I remember learning to drive before the advent of personal GPS devices. I remember getting directions that involved both signs and physical landmarks to get from one place to another. Take a left on River St. and go down until you see the mailbox with a yellow bird on it, then we’re three houses down on the right. Nowadays, I’m more likely to just plug an address into my phone and let it guide me moment by moment down the comforting little blue line until I get to the red destination pin. I hardly have to pay attention to my surrounding at all while the little voice just coaches me turn by turn. But, in truth, I’ve become overly dependent on it. I get a little anxious when I try to do without it because it forces me to put my trust in a different system of navigating that doesn’t offer real-time reassurance. There is simply much more trust involved. Trust that the signs will be there when I need them, trust that I will make the correct turns, and even trust that if I get off track, I’ll be able to get back on course and reach my destination. Looking for signs and waiting for direction can be a precarious thing in the spiritual life.
Do you find yourself waiting on a sign from God? Or, have you ever suddenly beheld a sign that arrested your attention and pointed you in a new direction. God’s engagement with people often catches us unaware or seems absent when we want it most. We may feel like things are going just fine until suddenly our circumstances change and we are gripped with uncertainty and fear. Or, we may be so much on auto-pilot that we don’t realize when a new course of action is necessary. Todays readings highlight both of these kinds of encounters with God and help to point us to Jesus who is an unfailing sign to return to the heart of God.
Sometimes the message we most need to hear is the one we least want to receive. When such a message arrives, the urge can be quite strong to either fight with – or flee from – the messenger.
Maybe the messenger was your brilliant, beloved professor. Rather than offer your work the praise and affirmation you did not need, she articulated a challenging and pointed critique that she knew you could handle. In the end, this forced you to see things from a fresh perspective and inspired a more mature artistic vision. But in the moment, you thought, “Excuse me?”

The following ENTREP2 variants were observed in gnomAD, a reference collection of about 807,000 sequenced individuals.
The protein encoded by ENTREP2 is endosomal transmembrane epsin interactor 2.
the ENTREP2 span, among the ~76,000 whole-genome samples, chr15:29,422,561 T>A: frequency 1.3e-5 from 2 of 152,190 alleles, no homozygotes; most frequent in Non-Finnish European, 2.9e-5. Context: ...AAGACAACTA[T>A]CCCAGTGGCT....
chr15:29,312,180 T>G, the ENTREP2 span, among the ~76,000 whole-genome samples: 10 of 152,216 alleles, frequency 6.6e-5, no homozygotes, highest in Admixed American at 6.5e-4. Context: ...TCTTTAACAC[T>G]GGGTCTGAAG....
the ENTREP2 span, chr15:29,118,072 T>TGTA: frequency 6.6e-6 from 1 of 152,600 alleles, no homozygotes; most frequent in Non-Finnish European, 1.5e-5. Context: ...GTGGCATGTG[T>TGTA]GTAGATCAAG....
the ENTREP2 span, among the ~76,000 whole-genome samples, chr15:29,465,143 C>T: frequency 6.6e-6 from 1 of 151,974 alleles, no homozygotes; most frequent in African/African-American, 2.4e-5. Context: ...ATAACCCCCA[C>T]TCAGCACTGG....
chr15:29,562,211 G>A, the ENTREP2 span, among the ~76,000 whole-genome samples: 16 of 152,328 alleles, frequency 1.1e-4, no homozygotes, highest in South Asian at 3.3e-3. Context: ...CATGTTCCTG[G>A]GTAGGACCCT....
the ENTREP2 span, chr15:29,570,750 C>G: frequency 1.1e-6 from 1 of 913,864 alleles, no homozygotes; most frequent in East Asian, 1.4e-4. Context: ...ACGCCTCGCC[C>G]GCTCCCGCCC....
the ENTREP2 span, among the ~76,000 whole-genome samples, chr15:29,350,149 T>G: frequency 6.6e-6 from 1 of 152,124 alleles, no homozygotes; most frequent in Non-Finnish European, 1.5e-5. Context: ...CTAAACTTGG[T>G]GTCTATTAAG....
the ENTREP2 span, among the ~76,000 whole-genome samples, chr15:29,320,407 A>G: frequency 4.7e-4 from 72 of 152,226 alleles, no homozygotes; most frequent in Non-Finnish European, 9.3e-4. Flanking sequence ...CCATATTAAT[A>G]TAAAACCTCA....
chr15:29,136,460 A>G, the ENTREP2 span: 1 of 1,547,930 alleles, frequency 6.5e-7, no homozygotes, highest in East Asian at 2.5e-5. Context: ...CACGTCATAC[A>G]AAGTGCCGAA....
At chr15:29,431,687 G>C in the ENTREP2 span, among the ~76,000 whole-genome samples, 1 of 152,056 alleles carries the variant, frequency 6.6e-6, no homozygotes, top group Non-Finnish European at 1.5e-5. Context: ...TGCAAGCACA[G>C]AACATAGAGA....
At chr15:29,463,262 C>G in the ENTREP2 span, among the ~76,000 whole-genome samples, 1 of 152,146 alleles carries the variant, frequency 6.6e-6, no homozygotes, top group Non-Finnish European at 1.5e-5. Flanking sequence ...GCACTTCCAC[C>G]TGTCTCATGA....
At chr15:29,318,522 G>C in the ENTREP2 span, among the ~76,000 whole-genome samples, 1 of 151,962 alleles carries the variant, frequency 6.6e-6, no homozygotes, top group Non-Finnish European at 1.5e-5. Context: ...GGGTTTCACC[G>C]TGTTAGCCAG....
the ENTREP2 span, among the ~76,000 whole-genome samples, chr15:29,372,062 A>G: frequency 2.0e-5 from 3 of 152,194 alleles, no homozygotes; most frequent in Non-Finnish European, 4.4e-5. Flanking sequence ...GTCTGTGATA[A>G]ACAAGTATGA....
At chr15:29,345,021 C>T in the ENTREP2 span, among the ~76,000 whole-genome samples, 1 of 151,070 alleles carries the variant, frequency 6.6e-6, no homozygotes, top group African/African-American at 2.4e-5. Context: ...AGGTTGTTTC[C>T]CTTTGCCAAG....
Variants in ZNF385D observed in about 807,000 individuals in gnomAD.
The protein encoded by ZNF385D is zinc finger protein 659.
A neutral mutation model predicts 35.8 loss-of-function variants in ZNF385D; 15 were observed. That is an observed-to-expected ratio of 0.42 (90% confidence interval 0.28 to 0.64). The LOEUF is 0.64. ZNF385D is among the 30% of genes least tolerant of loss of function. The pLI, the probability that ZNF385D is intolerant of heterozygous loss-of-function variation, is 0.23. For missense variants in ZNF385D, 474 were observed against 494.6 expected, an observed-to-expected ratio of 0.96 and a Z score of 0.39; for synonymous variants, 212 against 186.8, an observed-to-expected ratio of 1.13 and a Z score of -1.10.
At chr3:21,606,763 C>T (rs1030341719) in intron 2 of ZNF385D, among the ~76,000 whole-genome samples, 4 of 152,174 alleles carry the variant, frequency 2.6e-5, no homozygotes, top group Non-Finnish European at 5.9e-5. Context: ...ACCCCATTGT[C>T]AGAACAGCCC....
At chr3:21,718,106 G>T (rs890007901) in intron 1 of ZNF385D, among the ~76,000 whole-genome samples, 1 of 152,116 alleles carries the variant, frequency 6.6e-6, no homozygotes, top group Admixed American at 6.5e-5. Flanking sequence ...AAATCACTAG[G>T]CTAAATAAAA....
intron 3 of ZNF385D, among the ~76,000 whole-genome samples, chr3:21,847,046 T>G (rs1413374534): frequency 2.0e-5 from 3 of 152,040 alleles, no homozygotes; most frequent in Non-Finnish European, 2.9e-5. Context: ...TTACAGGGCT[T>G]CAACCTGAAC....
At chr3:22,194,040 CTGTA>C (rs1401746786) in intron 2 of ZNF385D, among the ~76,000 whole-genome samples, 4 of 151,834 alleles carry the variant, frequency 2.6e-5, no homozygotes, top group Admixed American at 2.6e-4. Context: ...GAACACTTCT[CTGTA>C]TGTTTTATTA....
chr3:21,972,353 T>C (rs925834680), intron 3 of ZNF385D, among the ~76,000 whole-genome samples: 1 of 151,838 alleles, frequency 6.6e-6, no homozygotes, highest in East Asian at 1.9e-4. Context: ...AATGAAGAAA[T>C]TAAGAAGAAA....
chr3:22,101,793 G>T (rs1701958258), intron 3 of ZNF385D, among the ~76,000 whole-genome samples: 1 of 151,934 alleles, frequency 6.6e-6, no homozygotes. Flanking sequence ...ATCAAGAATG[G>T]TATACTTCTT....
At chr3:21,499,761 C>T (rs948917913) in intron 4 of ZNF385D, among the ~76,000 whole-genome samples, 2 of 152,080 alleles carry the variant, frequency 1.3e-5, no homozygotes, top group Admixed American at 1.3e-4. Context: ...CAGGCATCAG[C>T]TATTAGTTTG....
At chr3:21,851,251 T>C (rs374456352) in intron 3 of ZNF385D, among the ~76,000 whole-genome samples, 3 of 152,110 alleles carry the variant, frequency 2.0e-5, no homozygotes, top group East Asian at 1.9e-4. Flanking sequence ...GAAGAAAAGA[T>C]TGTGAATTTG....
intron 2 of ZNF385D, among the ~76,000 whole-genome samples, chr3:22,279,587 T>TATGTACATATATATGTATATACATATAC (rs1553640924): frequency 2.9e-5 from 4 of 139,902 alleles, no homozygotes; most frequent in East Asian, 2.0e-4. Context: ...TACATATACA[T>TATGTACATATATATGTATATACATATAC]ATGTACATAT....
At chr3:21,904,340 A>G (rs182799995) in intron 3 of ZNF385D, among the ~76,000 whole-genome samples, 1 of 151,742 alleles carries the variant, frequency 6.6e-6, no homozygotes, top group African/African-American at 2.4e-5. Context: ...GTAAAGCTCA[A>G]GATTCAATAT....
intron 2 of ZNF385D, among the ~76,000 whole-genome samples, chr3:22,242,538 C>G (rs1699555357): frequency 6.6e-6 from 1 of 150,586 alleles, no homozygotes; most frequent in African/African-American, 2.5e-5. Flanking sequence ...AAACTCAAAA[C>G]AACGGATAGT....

Maybe it was the time your best friend sat you down and said some things that left your heart and your ego badly bruised. In the days, weeks, or years that followed, that conversation proved to be medicine for your soul and a catalyst for new self-awareness. But in the moment, you thought, “Excuse me?”
Maybe it was a spiritual director who gently pushed you when you were stuck in some existential swamp by persistently asking hard questions. With time, the Holy Spirit used those questions, unearthing insights that ushered in a new era in your relationship with God. But in the moment you thought, “Excuse me?”
“Woe to you, Chorazin! Woe to you, Bethsaida!
For if the deeds of power done in you had been done in Tyre and Sidon,
they would have repented long ago in sackcloth and ashes.”
I doubt there are many preachers who would clamor to preach on the gospel text we have just heard. We preachers tend to avoid the difficult sayings of Jesus and look for more comfortable and pleasing words. This straight-talking, hard-hitting, no-holds-barred Jesus disturbs us. And yet this may be one of the blessings of having texts chosen for us by a daily lectionary, which compels us forego, at least occasionally, the more agreeable stories and sayings of Jesus. In texts like these, we are forced to confront the message of Jesus in all its forms.
Exodus 2:1-15/Psalm 69:31-38/Matthew 11:20-24
I remember growing up my dad subscribing to the Readers Digest Condensed Books. Several times a year you would be mailed a volume that contained abridged versions of four or five recently published books. It was a very middle brow sort of thing and popular in the Midwest where I’m from. The “condensed books” would have all the “best parts” of a book, but leave out all the “unnecessary” parts—whatever that meant in some editor’s opinion.
If I were making a Readers Digest Condensed Book from the Gospel of Matthew, I just might leave out today’s passage about the woes and damnation of Chorazin, Bethsaida and Capernaum. It simply doesn’t resonate for me the way The Sermon on the Mount and the Summary of the Law and the Passion story do. The Bible as a whole has passages that really sing to me and parts that I wouldn’t miss if they weren’t there.
Is. 7:1-9/Ps. 48/Mat. 11:20-24
It’s hard to know quite what to make of this: the “woes” to Chorazin and Bethsaida, the damning to hell of Capernaum. I’m tempted to suspect that this anger actually reflects the concerns of a later generation. Matthew seems to have been written about 50 years after Jesus’ death. Perhaps Chorazin, Bethsaida and Capernaum were Jewish communities that resisted conversion to Christianity, or even persecuted Christian Jews.